It’s true that your enemy today might be your friend tomorrow especially when its about business. Although, Apple and Google arch-rivals in the mobile OS space may not agree to continue their partnership with the best mobile mapping software (Google Map). But, this time the two companies have reportedly partnered to buy Kodak’s bundle of 1,100 imaging patents.
Really, it’s surprising to listen that two technology giants have now partnered on a patent deal especially when they are direct competitors in making and selling Smartphones and Tablets. But it’s noticeable that Apple is currently quite aggressive to improve its patent portfolios. In 2011, after “Nortel Networks” went bankrupt, Apple dealt ($4.5 billion patent deal) with RIM, Sony and Microsoft to look after the intellectual property assets.
But this time, a new report from Bloomberg reveals that Google and Apple have allegedly teamed up with each other on a bid of more than $500 million for Kodak’s treasure trove of patents. However, the final purchase price is likely to be far lesser than that of initially estimated sum ($2.6 billion), to the total worth of the Kodak’s patent portfolios by the company itself. The company is now selling its all patents as results of bankruptcy–it filed for in January after evaluating $5.1 billion in assets and $6.75 billion in debt.
The teaming up of Apple with Google allows each company to jointly offer more for Kodak’s entire portfolio. However, both the companies previously organized themselves in the individual consortium for bidding on Kodak’s patents, and each offered less for the patent portfolios.
Why Apple And Google Are So Interested In Kodak’s Patents?
In January 2010, the 131-year-old photography company (Kodak) filed lawsuit against Apple and RIM (Research in Motion) for a lucrative patent infringement, for extracting the technology through which digital images can be viewed on LCD screen of the camera, which the company patented in 2001.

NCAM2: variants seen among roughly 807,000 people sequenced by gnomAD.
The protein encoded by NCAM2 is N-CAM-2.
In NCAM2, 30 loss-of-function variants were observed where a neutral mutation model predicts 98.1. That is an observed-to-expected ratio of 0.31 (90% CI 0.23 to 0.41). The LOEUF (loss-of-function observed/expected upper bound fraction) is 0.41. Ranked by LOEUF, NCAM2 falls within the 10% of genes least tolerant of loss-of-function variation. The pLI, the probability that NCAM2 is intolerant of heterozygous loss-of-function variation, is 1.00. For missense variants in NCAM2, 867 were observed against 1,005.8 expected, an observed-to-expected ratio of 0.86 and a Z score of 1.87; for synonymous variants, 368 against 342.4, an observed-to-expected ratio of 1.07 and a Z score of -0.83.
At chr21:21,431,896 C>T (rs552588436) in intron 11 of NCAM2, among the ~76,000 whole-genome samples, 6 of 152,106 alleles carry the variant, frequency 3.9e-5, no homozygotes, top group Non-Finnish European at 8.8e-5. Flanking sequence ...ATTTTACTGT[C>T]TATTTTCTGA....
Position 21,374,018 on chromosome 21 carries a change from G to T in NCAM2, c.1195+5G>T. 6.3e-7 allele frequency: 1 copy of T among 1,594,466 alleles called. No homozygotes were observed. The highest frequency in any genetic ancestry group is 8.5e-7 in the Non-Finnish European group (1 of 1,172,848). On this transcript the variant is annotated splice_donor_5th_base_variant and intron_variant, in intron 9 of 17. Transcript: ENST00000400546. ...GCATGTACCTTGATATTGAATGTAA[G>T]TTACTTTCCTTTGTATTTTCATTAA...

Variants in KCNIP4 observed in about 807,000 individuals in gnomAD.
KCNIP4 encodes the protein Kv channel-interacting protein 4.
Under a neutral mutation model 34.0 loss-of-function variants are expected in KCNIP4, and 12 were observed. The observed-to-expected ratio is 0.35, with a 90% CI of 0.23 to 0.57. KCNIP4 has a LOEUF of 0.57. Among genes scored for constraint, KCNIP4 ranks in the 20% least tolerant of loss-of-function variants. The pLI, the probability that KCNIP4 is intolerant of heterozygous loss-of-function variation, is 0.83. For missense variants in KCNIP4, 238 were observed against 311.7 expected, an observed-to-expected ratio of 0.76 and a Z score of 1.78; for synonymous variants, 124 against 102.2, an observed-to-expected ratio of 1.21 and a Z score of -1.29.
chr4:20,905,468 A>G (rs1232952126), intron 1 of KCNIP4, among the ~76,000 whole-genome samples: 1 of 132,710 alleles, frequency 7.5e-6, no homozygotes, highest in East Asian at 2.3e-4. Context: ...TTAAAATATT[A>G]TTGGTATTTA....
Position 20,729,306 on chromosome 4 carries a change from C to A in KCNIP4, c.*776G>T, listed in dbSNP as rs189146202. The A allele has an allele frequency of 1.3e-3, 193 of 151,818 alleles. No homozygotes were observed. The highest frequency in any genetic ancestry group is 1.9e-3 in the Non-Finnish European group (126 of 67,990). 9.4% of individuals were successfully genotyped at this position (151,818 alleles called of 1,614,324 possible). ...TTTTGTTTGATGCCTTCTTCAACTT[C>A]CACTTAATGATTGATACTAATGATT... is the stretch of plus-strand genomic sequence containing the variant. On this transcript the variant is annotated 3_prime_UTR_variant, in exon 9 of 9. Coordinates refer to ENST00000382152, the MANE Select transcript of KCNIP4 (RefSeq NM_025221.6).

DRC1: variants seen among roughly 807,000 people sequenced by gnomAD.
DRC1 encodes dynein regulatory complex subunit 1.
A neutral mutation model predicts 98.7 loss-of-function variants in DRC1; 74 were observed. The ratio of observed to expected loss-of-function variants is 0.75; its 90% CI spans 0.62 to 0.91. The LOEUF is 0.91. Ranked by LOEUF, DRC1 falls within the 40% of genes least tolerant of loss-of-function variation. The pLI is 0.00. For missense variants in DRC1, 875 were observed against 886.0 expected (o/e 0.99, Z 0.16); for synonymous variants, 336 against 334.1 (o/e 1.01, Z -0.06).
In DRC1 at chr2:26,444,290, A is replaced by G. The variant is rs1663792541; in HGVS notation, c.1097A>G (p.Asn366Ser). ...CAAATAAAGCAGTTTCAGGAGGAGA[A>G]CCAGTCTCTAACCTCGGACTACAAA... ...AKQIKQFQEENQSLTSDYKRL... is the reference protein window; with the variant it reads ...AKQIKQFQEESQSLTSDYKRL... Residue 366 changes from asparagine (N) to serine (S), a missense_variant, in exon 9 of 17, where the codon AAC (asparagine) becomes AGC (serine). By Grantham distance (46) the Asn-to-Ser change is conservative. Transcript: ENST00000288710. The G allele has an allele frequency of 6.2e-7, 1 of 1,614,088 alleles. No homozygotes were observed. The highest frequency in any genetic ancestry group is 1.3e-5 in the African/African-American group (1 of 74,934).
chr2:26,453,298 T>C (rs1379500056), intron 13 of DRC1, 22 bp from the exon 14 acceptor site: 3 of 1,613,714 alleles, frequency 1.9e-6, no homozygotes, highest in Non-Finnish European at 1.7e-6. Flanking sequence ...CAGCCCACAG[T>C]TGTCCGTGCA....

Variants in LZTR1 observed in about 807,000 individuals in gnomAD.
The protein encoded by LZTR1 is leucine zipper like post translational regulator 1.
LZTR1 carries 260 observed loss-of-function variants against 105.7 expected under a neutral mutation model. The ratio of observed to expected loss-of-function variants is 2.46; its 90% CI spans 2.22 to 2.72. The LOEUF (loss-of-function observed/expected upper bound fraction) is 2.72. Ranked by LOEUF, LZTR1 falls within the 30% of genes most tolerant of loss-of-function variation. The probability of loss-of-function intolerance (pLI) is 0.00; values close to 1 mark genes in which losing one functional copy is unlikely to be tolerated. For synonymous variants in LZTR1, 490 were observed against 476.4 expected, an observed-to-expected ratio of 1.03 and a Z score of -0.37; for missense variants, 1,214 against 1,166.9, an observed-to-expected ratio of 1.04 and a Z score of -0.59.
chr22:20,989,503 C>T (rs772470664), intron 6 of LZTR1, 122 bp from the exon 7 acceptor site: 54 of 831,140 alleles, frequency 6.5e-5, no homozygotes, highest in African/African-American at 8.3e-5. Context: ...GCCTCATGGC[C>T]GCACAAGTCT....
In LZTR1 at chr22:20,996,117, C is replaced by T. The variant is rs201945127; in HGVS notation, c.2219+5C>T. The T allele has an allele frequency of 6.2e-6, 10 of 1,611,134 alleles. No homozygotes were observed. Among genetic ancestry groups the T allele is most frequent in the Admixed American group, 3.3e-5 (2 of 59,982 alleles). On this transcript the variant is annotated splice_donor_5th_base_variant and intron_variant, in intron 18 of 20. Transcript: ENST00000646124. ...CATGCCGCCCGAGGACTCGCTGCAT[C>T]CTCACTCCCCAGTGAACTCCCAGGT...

This time, Kodak has potential array of new inkjet printing, packaging and software businesses. The company’s patents give it an exclusivity to sell or license its innovations. More importantly, the company has already generated almost $2 billion in licensing fees and royalties from intellectual property (IP) battles since 2008. In 2009, Samsung and LG had to pay $964 million to Kodak for infringing the same patent (filed against Apple and RIM).
Increasing interests of mobile users towards high resolution camera (along with functionality) have forced mobile device manufacturers to do more innovation on the camera of their device. Facebook has just invested $1 billion on Instagram to provide better user experience on mobile device. Of course, one of the leading mobile platform developers—Google and Apple—could see their future in the technologies that are related to camera. In other words, Kodak’s 1,100 patents will provide an additional support to Apple and Google in future, either in innovation or legal disputes.
For Kodak, the deal is beneficial because it could generate more money on the table as a result of more number of sales. And it’s quite obvious that it would never reach the initial billion-dollar (estimated by itself) on the patents ground. For Apple and Google, the deal allows each company to rescue themselves from potential costly biding. And also, the deal would be lucrative for them to avoid costly legal maneuvers down the road.
Like Apple, Google also seems more active in strengthening its patent portfolios and this is the reason why it acquired Motorola Mobility (for $12.5 billion), for getting 17,000 patents. Indeed, the latest deal between between Apple and Google on Kodak’s patent portfolio is one of the smart business strategy. It’s better to settle down all disputes outside rather to spend hoard of cash in court over patents.